What went wrong: Inconsistent Orioles offense lacking in versatility

Editor's note: One year after the Orioles won 96 games and their first American League East title since 1997, they can finish no better than .500 and will miss the postseason. In the coming days, The Baltimore Sun will break down what went wrong in 2015 and how to fix it.

It is a simple enough matter to break down the past season and find all the reasons the Orioles did not score enough runs — or distribute them more evenly — to deliver their fans a fourth consecutive winning season.


The Orioles offense was consistently inconsistent because it was not built with enough versatility and connectivity to overcome the predictable ebb and flow of a free-swinging lineup with an inordinate dependence on the home run.

That's the opinion of observers inside and outside the organization. Major league scouts who observe the Orioles on a daily basis (but are not allowed to comment on them publicly) point to the high strikeout and low walk totals to explain the team's meager on-base percentage. Manager Buck Showalter would rather dwell on a long list of positive individual performances, but he doesn't have to look hard for another big reason his team's OBP receded this year.


"You lose two guys who walk as much as Nelson and Nicky did, it will," he said.

Indeed, the departures of Nelson Cruz and Nick Markakis last winter had a huge impact on the Orioles' ability to produce runs. Everybody knows that. The inability of the front office to find anyone to replace an adequate percentage of that production left the Orioles with gaps in the lineup that widened as the season wore on.

The Orioles came into 2015 with the intention of improving on last year's .311 OBP to offset losing Cruz and Markakis, but entered the final weekend of the season looking up at that number and 27 other major league teams.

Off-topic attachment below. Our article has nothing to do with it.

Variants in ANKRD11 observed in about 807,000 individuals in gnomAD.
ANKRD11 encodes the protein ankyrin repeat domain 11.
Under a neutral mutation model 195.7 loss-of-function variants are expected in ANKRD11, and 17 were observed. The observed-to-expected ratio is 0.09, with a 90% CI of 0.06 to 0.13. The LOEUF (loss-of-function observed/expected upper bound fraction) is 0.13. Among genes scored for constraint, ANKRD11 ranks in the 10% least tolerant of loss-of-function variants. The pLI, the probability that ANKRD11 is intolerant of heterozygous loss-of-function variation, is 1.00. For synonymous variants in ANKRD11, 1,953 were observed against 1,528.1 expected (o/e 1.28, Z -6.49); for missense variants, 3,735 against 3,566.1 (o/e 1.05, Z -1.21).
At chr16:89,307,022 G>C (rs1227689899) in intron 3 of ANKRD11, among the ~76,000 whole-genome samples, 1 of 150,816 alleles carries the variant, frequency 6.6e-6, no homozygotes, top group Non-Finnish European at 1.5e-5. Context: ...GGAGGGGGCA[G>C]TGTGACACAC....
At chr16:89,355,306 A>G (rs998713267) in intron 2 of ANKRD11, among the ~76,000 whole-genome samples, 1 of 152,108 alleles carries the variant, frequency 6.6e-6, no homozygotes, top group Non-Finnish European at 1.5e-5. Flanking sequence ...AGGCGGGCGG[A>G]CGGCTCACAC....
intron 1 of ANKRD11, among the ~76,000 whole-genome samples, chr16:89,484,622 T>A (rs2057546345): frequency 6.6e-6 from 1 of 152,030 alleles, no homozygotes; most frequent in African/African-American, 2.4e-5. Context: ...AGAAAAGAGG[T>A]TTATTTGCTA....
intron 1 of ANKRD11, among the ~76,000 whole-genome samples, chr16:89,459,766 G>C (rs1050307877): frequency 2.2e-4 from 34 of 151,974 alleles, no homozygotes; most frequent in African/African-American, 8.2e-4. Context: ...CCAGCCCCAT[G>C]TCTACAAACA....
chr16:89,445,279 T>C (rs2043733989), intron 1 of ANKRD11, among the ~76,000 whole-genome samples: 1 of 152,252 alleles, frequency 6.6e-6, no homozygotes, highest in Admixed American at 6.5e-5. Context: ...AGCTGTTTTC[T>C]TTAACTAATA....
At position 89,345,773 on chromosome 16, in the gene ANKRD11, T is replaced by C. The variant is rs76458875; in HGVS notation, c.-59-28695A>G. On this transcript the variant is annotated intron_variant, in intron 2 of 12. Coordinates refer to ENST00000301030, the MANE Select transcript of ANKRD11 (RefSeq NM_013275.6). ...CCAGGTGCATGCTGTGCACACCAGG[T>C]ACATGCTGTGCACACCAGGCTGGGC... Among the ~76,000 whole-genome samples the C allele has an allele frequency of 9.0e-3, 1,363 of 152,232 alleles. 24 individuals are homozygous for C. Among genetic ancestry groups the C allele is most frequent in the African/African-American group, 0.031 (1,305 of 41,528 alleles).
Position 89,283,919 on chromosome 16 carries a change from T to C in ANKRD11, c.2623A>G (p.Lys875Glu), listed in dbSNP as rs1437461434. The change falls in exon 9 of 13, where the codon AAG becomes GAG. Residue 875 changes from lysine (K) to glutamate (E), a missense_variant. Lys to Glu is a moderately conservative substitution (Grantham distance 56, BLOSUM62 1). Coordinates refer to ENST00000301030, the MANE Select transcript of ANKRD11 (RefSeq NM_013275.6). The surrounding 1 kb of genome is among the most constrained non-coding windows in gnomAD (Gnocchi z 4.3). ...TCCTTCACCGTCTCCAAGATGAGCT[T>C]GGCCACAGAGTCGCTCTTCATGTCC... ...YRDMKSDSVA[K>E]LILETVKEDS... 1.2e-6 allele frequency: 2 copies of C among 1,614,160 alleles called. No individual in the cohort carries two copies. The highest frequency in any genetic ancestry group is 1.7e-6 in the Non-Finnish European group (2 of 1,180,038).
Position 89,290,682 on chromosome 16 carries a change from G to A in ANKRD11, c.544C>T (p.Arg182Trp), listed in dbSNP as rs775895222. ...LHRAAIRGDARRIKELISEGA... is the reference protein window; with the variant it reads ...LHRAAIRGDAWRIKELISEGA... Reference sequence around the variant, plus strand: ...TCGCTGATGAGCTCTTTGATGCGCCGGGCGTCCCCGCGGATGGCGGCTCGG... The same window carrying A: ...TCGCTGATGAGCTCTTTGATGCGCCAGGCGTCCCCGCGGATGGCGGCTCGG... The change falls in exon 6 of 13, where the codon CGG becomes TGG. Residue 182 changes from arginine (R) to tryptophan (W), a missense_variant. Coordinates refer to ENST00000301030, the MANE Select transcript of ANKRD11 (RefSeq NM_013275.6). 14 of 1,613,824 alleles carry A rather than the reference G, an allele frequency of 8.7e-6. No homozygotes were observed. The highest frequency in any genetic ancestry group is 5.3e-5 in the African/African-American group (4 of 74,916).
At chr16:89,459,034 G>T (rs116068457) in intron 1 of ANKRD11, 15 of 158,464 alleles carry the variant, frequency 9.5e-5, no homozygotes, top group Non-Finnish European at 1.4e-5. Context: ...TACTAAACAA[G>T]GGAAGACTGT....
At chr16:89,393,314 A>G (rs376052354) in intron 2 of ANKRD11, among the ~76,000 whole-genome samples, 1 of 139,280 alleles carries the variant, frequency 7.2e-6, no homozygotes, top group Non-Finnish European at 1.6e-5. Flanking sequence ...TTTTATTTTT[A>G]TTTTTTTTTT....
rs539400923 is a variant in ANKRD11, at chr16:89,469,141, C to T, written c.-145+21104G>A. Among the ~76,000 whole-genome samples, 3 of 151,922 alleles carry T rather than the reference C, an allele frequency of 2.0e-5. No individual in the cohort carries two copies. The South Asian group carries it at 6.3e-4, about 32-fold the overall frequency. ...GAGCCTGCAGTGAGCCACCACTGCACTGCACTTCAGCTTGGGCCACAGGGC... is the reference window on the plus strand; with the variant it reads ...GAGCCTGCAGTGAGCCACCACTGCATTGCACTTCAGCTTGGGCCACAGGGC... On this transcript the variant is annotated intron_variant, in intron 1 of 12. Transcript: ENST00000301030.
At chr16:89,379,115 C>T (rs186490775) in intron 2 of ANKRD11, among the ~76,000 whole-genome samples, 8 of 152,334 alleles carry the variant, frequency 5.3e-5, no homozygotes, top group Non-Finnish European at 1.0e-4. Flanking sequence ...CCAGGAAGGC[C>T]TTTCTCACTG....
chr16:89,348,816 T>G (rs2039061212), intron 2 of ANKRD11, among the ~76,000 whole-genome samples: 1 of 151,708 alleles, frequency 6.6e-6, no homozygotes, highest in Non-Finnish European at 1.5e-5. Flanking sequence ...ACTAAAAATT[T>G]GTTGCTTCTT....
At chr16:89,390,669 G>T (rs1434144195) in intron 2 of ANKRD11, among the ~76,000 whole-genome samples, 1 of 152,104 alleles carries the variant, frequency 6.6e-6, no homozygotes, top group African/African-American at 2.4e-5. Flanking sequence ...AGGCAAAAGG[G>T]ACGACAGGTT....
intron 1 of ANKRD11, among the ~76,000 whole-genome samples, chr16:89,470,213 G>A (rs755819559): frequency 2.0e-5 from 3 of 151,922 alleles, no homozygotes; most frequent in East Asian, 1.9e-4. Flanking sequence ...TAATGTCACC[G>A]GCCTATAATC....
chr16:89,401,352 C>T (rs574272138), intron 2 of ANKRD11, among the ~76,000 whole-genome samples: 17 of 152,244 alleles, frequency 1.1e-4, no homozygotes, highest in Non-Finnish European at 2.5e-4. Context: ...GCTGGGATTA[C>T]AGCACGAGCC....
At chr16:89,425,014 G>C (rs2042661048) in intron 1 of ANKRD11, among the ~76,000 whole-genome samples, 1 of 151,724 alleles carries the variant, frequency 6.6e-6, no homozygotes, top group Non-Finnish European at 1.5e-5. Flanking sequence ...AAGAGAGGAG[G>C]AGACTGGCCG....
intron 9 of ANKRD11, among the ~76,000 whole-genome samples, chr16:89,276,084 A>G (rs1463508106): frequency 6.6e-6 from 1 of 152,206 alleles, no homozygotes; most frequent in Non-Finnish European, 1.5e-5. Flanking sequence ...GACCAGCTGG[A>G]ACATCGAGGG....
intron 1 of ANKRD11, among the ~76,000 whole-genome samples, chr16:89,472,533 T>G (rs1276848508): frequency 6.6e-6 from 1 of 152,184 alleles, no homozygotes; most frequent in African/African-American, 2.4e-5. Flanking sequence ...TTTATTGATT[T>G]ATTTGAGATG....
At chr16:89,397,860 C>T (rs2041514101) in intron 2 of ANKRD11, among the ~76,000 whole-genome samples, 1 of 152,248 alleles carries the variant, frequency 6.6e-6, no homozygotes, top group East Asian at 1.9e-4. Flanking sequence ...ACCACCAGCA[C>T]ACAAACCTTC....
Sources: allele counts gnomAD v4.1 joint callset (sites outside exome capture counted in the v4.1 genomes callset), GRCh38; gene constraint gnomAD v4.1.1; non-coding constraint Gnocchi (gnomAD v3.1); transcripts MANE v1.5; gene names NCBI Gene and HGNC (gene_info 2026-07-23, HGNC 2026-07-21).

It is not a new problem, but the Orioles were able to gloss over it in previous years because of their huge power numbers.

"Sometimes you get kind of a false sense of security thinking that's kind of your safety blanket," hitting coach Scott Coolbaugh said. "I would like to see us a little better manufacturing runs. For me as a hitting coach, I feel like an offense should be like a golf bag. You have different clubs for different lengths and different positions on the course. I think that's the same way you look at an offense. You have some guys that have some power and you have some guys that can get on base.

"Moving forward, I think those are some things we want to try to improve on."

Trouble is, the Orioles appear to be on the verge of perhaps trading one problem for another. They already seriously downgraded their power potential when they let Cruz leave last winter. Now, they face an uncertain offseason in which they are expected to lose both Chris Davis and Matt Wieters to free agency. If so, that would mean that over a span of two winters, they will have removed nearly 100 home runs from their offensive equation.

Coolbaugh walked into the middle of this and — predictably — has become an easy target on the fan blogs and message boards, but Showalter bristles at the suggestion that he has had anything but a positive impact on the club.